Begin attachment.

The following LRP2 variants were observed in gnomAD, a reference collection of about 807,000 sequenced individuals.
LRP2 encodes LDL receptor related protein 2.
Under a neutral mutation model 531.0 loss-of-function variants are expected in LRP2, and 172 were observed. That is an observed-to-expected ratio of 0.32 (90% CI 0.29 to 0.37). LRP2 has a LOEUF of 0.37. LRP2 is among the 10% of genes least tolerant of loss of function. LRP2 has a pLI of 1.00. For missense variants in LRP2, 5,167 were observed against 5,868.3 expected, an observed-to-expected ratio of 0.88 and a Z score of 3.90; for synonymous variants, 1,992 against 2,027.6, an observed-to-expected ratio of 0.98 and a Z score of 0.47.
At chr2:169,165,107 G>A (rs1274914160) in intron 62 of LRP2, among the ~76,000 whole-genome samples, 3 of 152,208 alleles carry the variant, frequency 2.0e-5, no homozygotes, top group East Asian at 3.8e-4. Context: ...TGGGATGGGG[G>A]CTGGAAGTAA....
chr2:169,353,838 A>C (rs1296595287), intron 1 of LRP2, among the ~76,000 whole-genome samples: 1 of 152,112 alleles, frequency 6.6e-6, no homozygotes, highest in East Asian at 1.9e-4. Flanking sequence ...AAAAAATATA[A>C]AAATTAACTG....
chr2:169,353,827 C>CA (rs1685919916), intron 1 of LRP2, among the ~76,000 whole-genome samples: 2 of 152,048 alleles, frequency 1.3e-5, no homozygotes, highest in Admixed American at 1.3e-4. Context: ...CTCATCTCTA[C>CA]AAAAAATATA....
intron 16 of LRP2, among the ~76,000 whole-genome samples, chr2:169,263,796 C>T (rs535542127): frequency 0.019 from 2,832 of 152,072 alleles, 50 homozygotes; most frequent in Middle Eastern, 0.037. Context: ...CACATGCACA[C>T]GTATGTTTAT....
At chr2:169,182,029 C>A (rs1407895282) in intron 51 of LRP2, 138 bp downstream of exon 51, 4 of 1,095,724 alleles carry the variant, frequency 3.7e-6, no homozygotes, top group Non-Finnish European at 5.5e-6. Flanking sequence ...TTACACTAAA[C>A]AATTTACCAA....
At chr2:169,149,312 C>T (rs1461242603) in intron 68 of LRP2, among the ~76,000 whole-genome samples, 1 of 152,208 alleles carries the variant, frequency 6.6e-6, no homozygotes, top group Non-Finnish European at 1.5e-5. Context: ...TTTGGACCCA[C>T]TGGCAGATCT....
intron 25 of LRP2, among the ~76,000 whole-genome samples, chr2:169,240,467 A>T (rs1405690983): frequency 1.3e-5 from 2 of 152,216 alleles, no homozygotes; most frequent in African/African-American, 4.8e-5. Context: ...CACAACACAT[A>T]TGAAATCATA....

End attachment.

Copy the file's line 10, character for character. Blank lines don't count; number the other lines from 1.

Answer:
intron 25 of LRP2, among the ~76,000 whole-genome samples, chr2:169,240,467 A>T (rs1405690983): frequency 1.3e-5 from 2 of 152,216 alleles, no homozygotes; most frequent in African/African-American, 4.8e-5. Context: ...CACAACACAT[A>T]TGAAATCATA....